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Royal Commonwealth Soc head urges stronger action on Sri Lanka

Speaking to Channel 4 News on the mass protests against Rajapaksa in the UK on Wednesday, the chairman of the Royal Commonwealth Society, Peter Kellner, said the meeting with Rajapaksa had been an embarrassment to the Queen, however it was due to a "mistake" made at the last Commonwealth summit, when "they took no action against the mounting evidence" of human rights violations in Sri Lanka.

See here for full interview with Channel 4 News.

Transcript of interview follows:

Q. I asked whether, in his view, the President of Sri Lanka should have been here today.

A. No I don't think he should, it wasn’t a mistake that the Queen or Buckingham Palace made, Sri Lanka is a member of the Commonwealth. The mistake was made by the Commonwealth at their last summit, last year in Perth in Australia, when they took no action against the mounting evidence that you amongst others have provided, of things going wrong and human rights being violated in Sri Lanka.

Q. But if they won’t suspend him, then he’s a legitimate leader of a Commonwealth country and has every right to be here and to be heard.

A. Here’s the problem, it’s not just any old Commonwealth country, they are, Sri Lanka is hosting the next Commonwealth summit, which the Queen shall attend towards the end of next year, What worries me is that if nothing is done to improve the human rights situation in Sri Lanka, that summit is going to be a disaster.

Q. So what do you think should happen now?

A. The fact that Sri Lanka is hosting the next Commonwealth summit I think gives the Commonwealth for once, some real leverage, to say to the Sri Lanka government, “Look  the EU, the UN, Amnesty, HRW, virtually everybody around the world that looks seriously at the issue, has said there are things wrong; there’s torture going on, you’re not chasing down the perpetrators of the end of the war with the Tamils. Get your house in order and then we can hold a good Commonwealth summit.” I’d like to see the Commonwealth as an institution putting real pressure, because I think Sri Lanka would not want to lose the summit and that might be the pressure that makes the difference.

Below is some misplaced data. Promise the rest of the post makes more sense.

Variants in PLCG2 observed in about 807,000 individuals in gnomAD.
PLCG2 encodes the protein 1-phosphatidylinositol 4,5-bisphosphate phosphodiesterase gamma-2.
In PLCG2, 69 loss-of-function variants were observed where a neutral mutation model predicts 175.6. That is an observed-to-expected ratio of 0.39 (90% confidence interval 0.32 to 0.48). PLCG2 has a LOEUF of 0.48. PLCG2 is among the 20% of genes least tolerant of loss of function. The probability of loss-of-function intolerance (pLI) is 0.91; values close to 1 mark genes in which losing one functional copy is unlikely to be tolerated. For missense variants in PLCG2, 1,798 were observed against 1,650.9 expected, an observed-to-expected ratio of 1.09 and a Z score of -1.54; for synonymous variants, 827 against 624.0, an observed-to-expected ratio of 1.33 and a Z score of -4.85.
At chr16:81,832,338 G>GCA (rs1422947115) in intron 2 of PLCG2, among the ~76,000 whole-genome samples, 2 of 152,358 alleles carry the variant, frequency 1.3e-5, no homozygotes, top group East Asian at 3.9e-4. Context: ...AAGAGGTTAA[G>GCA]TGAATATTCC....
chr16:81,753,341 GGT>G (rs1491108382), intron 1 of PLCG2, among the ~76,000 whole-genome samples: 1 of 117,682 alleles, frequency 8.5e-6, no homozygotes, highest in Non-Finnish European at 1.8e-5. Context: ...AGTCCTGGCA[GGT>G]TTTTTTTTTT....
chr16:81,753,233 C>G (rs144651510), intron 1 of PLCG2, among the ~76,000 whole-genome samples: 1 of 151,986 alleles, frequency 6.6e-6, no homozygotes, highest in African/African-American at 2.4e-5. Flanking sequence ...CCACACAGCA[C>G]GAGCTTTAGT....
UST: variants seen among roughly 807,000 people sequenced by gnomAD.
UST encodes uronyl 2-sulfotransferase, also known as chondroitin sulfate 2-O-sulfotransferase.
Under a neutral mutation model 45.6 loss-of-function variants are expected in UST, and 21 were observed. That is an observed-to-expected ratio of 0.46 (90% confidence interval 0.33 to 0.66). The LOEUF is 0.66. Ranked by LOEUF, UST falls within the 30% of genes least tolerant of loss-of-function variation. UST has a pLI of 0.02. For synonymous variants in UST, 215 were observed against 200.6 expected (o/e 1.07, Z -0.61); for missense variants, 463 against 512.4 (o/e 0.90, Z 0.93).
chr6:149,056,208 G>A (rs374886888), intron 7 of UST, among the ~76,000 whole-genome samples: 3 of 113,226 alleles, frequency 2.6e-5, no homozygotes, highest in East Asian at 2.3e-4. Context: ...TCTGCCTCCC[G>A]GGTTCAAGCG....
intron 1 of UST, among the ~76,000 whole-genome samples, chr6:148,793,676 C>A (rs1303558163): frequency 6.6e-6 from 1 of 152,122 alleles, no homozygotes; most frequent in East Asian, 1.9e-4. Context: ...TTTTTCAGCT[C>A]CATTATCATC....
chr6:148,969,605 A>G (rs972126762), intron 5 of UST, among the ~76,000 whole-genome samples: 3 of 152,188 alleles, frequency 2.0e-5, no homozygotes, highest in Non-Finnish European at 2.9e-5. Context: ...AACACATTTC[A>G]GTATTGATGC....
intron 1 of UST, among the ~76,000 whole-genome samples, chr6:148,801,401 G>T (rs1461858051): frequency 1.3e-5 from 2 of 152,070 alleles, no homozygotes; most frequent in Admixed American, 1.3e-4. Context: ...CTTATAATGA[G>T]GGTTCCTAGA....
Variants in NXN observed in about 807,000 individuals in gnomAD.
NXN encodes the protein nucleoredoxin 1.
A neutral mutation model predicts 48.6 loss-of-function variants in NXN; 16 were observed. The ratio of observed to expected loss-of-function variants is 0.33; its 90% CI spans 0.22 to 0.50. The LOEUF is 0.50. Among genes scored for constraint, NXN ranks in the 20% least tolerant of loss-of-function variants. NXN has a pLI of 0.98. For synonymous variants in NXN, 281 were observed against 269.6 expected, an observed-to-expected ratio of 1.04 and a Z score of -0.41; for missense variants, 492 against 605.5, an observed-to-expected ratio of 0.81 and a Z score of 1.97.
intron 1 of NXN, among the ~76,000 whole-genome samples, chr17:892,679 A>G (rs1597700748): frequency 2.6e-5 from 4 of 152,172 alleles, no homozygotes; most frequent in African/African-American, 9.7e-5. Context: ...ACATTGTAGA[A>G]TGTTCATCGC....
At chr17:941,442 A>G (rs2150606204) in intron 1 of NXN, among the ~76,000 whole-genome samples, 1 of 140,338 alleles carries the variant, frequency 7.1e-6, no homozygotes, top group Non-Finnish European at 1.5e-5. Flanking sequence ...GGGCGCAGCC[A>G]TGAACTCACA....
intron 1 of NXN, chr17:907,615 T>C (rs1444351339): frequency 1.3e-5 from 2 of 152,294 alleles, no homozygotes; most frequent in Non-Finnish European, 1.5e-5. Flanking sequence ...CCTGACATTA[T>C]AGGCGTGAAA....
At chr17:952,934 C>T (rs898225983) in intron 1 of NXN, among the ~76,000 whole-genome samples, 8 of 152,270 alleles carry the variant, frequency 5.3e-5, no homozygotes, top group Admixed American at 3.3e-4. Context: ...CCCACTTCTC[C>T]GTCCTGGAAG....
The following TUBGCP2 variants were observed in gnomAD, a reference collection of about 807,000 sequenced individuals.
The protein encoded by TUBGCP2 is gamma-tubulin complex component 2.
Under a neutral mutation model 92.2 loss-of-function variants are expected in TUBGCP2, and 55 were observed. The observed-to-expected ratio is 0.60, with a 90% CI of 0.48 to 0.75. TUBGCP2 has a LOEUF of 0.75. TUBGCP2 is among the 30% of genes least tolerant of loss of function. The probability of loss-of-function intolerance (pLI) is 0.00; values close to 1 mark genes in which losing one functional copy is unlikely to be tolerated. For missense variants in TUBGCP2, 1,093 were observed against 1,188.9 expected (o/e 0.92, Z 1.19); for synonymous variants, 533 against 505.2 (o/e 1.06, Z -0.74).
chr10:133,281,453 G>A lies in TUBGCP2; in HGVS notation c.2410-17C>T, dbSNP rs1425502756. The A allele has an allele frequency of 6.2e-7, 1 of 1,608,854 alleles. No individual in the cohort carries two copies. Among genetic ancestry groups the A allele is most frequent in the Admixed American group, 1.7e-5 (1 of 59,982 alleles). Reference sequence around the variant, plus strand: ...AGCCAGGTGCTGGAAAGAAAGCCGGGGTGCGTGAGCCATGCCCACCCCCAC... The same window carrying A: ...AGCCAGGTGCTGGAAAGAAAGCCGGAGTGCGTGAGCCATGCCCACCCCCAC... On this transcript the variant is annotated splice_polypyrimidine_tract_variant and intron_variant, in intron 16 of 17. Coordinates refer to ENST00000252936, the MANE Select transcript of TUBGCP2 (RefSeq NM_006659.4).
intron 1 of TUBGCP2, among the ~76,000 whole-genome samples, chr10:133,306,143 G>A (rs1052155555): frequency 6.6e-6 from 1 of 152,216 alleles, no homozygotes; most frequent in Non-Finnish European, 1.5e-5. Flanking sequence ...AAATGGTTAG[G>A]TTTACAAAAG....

Q. But doesn’t sensible diplomacy mean that you have to keep talking to these people as well? Mr Rajapaksa is not the first person accused of things who the Queen would have met, and British officials would have met. If you look at Syria, it’s only just now that diplomatic relations has been broken off.

A. Of course, you talk to them. I never suggested you shouldn’t talk to them. The EU withdrew trade concessions over Sri Lanka’s human rights record, but the EU is still represented in Sri Lanka. The UNHRC has taken action against Sri Lanka, but Sri Lanka is still a member of the UN and goes to UN events. So yes keep on talking to them but wield a stick.

Q. Isn’t the truth that there are probably other members of the Commonwealth who do not want to see action against Sri Lanka, because they’ll be next?

A. Krish, you’re right and I think that’s probably the main reason why the Commonwealth isn’t taking action. In the Commonwealth’s glory days, in the 1970’s and 80’s, when the Commonwealth led the battle against apartheid in South Africa, it took a big stand on a big human rights issue. I think the Commonwealth should revive itself. The best way to revive itself, is to once again stand up for human rights, and with Sri Lanka as the next Commonwealth host, now is the perfect time to show that the Commonwealth really can regain its strength on human rights issues.

Q. Was the Queen put in an embarrassing position today?

A. I think she was actually. The Queen through her reign has had to shake hands and host various unsavoury people, not least the old communist dictators at the time of the Iron Curtain, but the Commonwealth is something that she feels passionate about, she is our patron at the Commonwealth Society and I think it can’t be easy or happy for her to have a Commonwealth that might start to fray the edges and eventually fall apart if it doesn’t really stand up for human rights.

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